066 Questions and Cocktails: FB Live Q & A (Part 8) | Marketing PodStorm #28

066 Questions and Cocktails: FB Live Q & A (Part 8) | Marketing PodStorm #28

During the PodStorm, we’re doing a live Facebook Question and Answer session, every Friday, 11:30 a.m. PST. We are now on our last week for PodStorm Q&A and we hope to hear from you if you want us to do more live Q&As!

Today, podcast living legend Jason DeFillippo of Grumpy Old Geeks joins us to answer some questions about the importance of internal communications, how public relations and investor relations should work together, and a whole lot more!

Importance of Internal Communications

One listener asked about Christopher’s thoughts on the importance of internal communications and what function inside the company should own it. He narrated how Steve Jobs is the perfect example of this and how his words “there are no phenomenal products in our pipeline” was a self-fulfilling prophecy.

“I think the role of marketing internally is at least equal to the value externally. In some ways more, when people pick up a newspaper or read something online, and they hear, for example, your CEO talking about the company’s mission, or talking about a new product that you just launched, and how it’s going to transform the category and make a difference to a giant number of people, things along those lines are my favorite examples.” – Christopher Lochhead

Public Relations and Investor Relations

Christopher shares candidly that IR and PR, Investor Relations and Public Relations need to be deeply connected. Although it is highly unusual to have IR in marketing since it is always in Finance. However, Christopher shares some instances where Finance would find the Marketing team handy.

“The best CFO I know are way more than accountants. They’re strategic minds. They’re great at mergers and acquisitions and operations. So a lot of companies, if they’re smart, have a very big, big, big time CFO, and I think that’s, particularly if you’re planning on going public.” – Christopher Lochhead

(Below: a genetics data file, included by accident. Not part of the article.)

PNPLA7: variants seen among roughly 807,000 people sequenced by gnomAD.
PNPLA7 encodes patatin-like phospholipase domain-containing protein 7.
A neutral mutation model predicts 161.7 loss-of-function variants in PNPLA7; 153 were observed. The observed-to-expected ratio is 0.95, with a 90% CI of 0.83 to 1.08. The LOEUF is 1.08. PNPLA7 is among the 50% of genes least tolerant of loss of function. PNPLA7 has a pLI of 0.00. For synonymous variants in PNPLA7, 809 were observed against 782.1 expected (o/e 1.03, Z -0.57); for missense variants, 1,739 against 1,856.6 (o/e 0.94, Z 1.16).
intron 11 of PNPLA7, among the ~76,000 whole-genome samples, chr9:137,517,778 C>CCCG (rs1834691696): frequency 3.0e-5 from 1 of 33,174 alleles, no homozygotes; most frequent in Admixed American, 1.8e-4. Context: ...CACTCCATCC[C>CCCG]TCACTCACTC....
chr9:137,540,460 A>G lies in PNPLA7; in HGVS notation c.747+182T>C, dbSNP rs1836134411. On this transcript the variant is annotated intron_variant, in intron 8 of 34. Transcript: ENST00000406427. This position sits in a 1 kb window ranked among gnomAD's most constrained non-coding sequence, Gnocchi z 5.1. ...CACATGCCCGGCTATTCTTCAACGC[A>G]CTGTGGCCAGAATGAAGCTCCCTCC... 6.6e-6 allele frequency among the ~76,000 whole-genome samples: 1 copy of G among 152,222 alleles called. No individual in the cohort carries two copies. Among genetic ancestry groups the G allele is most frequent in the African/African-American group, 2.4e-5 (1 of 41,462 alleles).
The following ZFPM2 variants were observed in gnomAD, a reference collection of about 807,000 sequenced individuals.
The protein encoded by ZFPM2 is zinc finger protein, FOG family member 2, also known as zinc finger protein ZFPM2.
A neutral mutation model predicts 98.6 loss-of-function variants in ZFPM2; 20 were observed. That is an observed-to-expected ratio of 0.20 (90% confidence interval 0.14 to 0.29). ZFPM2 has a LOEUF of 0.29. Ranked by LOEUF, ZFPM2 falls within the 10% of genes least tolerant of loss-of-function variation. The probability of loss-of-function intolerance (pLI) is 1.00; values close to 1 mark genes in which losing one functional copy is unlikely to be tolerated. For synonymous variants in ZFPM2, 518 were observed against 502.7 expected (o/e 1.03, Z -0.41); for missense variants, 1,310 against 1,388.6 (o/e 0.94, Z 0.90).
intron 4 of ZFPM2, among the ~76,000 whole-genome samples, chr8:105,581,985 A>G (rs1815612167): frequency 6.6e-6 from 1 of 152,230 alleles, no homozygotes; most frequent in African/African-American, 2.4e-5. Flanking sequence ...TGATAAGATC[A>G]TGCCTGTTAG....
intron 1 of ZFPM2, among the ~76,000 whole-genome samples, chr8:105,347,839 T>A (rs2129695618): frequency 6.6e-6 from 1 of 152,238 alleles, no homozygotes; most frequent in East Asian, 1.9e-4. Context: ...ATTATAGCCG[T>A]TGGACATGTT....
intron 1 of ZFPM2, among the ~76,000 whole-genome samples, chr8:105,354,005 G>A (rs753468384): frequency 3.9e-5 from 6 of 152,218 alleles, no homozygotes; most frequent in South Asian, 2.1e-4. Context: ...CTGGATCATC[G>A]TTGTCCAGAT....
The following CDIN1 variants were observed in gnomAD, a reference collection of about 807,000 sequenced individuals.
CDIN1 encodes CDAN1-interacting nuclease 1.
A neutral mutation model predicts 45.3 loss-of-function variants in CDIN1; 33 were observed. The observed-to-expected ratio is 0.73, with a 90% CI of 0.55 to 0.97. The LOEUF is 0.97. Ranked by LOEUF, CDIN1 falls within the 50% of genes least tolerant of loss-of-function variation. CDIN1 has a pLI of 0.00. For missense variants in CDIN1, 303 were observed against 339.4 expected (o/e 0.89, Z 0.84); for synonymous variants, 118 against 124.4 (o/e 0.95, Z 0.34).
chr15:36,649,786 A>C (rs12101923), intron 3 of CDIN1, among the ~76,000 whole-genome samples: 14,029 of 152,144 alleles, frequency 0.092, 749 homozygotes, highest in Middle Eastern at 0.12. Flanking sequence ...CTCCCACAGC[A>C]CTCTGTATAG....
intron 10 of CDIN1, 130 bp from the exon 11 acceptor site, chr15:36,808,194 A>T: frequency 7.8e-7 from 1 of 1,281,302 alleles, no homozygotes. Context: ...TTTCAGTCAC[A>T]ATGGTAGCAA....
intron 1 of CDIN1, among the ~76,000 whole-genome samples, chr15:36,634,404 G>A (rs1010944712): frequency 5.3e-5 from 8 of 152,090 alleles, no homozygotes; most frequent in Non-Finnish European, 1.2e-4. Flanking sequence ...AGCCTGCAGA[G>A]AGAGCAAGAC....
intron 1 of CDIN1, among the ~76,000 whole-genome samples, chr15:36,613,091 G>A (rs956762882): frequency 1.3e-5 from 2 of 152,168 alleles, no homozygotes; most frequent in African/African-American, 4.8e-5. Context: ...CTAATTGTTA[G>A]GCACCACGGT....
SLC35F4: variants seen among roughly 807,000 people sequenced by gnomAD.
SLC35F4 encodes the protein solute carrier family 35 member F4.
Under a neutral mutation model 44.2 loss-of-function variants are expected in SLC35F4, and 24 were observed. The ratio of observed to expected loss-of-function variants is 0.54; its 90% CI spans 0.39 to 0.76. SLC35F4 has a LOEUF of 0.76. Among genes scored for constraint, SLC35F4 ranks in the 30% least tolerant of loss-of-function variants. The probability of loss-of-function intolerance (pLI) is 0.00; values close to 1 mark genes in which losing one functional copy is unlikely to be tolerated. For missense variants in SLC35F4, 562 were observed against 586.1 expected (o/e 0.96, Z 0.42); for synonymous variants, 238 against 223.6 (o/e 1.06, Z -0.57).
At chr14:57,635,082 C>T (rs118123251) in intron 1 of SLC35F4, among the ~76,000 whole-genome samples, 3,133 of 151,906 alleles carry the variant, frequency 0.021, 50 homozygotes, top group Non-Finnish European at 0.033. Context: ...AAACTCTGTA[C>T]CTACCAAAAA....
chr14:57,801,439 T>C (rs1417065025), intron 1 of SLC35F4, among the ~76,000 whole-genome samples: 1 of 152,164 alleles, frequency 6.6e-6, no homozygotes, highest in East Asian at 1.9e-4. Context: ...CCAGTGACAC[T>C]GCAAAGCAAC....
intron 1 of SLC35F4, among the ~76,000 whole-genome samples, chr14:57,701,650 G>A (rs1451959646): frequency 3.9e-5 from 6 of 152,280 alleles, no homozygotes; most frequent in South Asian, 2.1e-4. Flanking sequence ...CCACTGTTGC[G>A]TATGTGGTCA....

When do we change the logo?

Unless it’s ugly and bad, Christopher believes changing the logo is a strategic mistake, particularly in your first six months. It sends a message to a lot of people that you are tinkering with the creative, as opposed to getting deep in the business. 

“You don’t want to be seen as the moron who’s like tinkering with the colors. When there’s some big problem that needs to get addressed. Make sure we’re getting on with the business at hand. You want to be seen as somebody who’s deep in the business, making a giant difference, particularly for the field sales organization, and then the product and engineering organization.” – Christopher Lochhead

To hear more about the Facebook Live Q&A with Christopher Lochhead, with Jason DeFillippo, download and listen to this episode. 

Bio:

Christopher Lochhead is a #1 Apple podcaster and #1 Amazon bestselling co-author of books: Niche Down and Play Bigger.

He has been an advisor to over 50 venture-backed startups; a former three-time Silicon Valley public company CMO and an entrepreneur.

Furthermore, he has been called “one of the best minds in marketing” by The Marketing Journal, a “Human Exclamation Point” by Fast Company, a “quasar” by NBA legend Bill Walton and “off-putting to some” by The Economist.

In addition, he served as a chief marketing officer of software juggernaut Mercury Interactive. Hewlett-Packard acquired the company in 2006, for $4.5 billion.

He also co-founded the marketing consulting firm LOCHHEAD; was the founding CMO of Internet consulting firm Scient, and served as head of marketing at the CRM software firm Vantive.

We hope you enjoyed this episode of Lochhead on Marketing™! Christopher loves hearing from his listeners. Feel free to email him, connect on Facebook, Twitter, Instagram, and subscribe on iTunes! You may also subscribe to his newsletter, The Difference, for some amazing content.

065 Questions and Cocktails: FB Live Q & A (Part 7) | Marketing PodStorm #27

065 Questions and Cocktails: FB Live Q & A (Part 7) | Marketing PodStorm #27

During the PodStorm, we’re doing a live Facebook Question and Answer session, every Friday, 11:30 a.m. PST. We are now on our last week for PodStorm Q&A and we hope to hear from you if you want us to do more live Q&As!

Today, podcast living legend Jason DeFillippo of Grumpy Old Geeks joins us to answer some questions about social cause marketing, lightning strikes, and a whole lot more!

What have you learned after Calling For Unity?

Christopher shares that he received a number of backlashes after he called for unity on his post A Call For Unity. Likewise, he also received a lot of hugs and support for his cause. This is expected as he believes when try to do something as positive and warm-hearted as possible, you still are going to piss people off.

“The reality is when you say anything, topics like racism, or the police, or society or anything that anybody else might consider political, you’re going to piss some people off. But that said, what I’ll tell you is, I don’t think I’ve ever done anything that got such an extraordinary overwhelming positive response.” – Christopher Lochhead

Can you recap, what is a lightning strike?

Christopher gave a definition and description of what lightning strike is, for new listeners. We live in a world today where we get between 40 to 60,000 marketing messages a day. Reach and frequency is virtually undoable for anybody today, even the biggest marketers.